Review | "A Separation"

In an age of heightened tension in the Middle East, with constant threats of new sanctions and saber-rattling to be heard in regards to Iran, a film like Asghar Farhadi's A Separation is especially refreshing. It's easy, in times of conflict, to imagine other cultures as alien and different, to paint the citizens whose governments we disagree with with the same brush as their leaders.

In A Separation, a film born out of Iran, we see no oppressive mullahs, the visage of President Mahmoud Ahmadenijad is nowhere to be found, you'll find no religious or political propaganda or grandstanding of any kind. Everything about the film seems to casually flout the current political narrative simply by not being political at all. A Separation is a family drama about a normal family who finds themselves in extraordinary circumstances. What makes the film so remarkable is that it is so very universal. Audiences may balk at the idea of watching something so seemingly exotic as an Iranian film, but they would be missing out on something wholly identifiable and breathtakingly honest. These people could be from anywhere in any country, and that is one of the film's strongest assets.

Leila Hatami as Simin and Peyman Moadi as Nader in A SEPARATION.
Photo by Habib Madjidi ©, Courtesy of Sony Pictures Classics
The couple at the center of A Separation is as normal a couple as they can be. Nader (Peyman Moadi) and Simin (Leila Hatami) bear little resemblance to the egregious Muslim stereoptype of overbearing patriarchal households beholden to Sharia law we often see depicted in American film. Nader is a typical working father just trying to keep his family together, while Simin wants to move out of the country to pursue a better life with her daughter, Termeh (Sarina Farhadi). Nader refuses to leave behind his elderly father, an Alzheimer's patient who is still living at home. The only option left to them is a divorce, which Nader is willing to grant despite his love for his wife. Faced with the breakup of his family, Nader must do the best he can to keep going and providing for his daughter. With Simin gone, he hires a housekeeper, Hodjat (Shahab Hosseini) to help take care of his quickly deteriorating father.

Hodjat is taken aback by the task she is saddled with, not expecting the amount of work that would be involved and the true condition of Nader's father. A deeply religious woman, she is embarrassed by his inability to use the bathroom on his own and frets whether or not being placed in a situation where she may see his genitals is a sin. Then one day, Nader returns to find his father tied to the bed, and Hodjat nowhere to be found. When she returns, he confronts her about leaving him alone, accuses her of theft, and forcibly ejects her from his home, and in the ensuing altercation in which she falls out of his door she accuses him of causing her miscarriage and therefore the murder of her unborn son. Nader soon finds himself entangled in a legal battle with seemingly no end in sight, as she accuses him of murder and he accuses her of theft and elder abuse. As the mire threatens to engulf them all, justice seems to drift farther and farther out of reach.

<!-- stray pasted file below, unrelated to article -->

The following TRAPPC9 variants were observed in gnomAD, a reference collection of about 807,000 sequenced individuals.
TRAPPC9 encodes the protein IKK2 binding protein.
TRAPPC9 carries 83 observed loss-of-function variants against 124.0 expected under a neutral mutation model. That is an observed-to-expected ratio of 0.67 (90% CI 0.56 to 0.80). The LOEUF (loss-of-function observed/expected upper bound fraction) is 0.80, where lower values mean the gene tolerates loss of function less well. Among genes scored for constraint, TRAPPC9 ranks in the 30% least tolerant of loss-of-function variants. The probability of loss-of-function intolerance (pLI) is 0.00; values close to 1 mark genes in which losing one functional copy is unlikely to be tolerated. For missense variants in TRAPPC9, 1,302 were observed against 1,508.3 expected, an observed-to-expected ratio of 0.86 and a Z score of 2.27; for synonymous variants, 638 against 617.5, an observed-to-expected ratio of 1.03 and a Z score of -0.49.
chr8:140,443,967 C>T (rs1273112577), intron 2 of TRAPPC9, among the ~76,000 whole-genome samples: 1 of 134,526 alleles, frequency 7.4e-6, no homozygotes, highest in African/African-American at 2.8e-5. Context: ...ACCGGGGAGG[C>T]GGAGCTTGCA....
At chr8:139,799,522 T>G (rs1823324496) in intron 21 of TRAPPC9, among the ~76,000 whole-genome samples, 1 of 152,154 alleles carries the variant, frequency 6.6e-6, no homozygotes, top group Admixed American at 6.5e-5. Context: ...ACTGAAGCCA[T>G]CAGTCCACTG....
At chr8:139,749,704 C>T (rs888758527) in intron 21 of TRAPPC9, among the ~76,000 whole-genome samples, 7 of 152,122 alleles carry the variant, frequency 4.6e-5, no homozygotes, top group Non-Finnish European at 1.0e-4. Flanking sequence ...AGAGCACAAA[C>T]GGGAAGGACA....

Peyman Moadi as Nader and Sarina Farhadi as Termeh in A SEPARATION. 
Photo by Habib Madjidi ©, Courtesy of Sony Pictures Classics.
It is that idea of justice that permeates every frame of A Separation. As each character's motives slowly become clearer, the idea of justice becomes even more muddled. Farhadi examines ideas of justice in a world colored in shades of gray, set against a backdrop of family turmoil and a legal system for whom people are just numbers. All the while Nader's family becomes even more broken under the strain, and his daughter is eventually posed with an impossible choice. Farhadi closes his film one of the most haunting notes of uncertainty of the year, offering no answers but hinting at the familial divide to come. The screenplay, written by Farhadi himself, is a marvel of restrained emotion and rapidly changing undercurrents, while the performances rival Kenneth Lonergan's Margaret as the strongest ensemble acting of the year. Shabab Hosseini is especially heartbreaking as Hodjat, a woman caught in a web of lies who keeps digging herself deeper and deeper into an inescapable mess.

There are no heroes or villain's in Farhadi's disarmingly naturalistic world; just people trying to do the best they can for the people they love whose motives occasionally run afoul of each other. It's like watching a train wreck, frustratingly inevitable and yet unblinkingly gripping. "Lies may lead to truth" reads the incisively cryptic tagline, presciently summing up the film's lasting impact. In a world where white lies spin out of control and threaten to destroy lives, Farhadi discovers simple yet deeply human truths - that the divides that so often separate us can seem so impossibly wide are never quite as far as we imagine.

GRADE - ★★★★ (out of four)

 | Directed by Asghar Farhadi | Stars Leila Hatami, Peyman Moadi, Shahab Hosseini, Sareh Bayat, Sarina Farhadi, Babak Karimi, Ali-Asghar Shahbazi | Rated PG-13 for mature thematic material | In Farsi w/English subtitles | Now playing in select cities.


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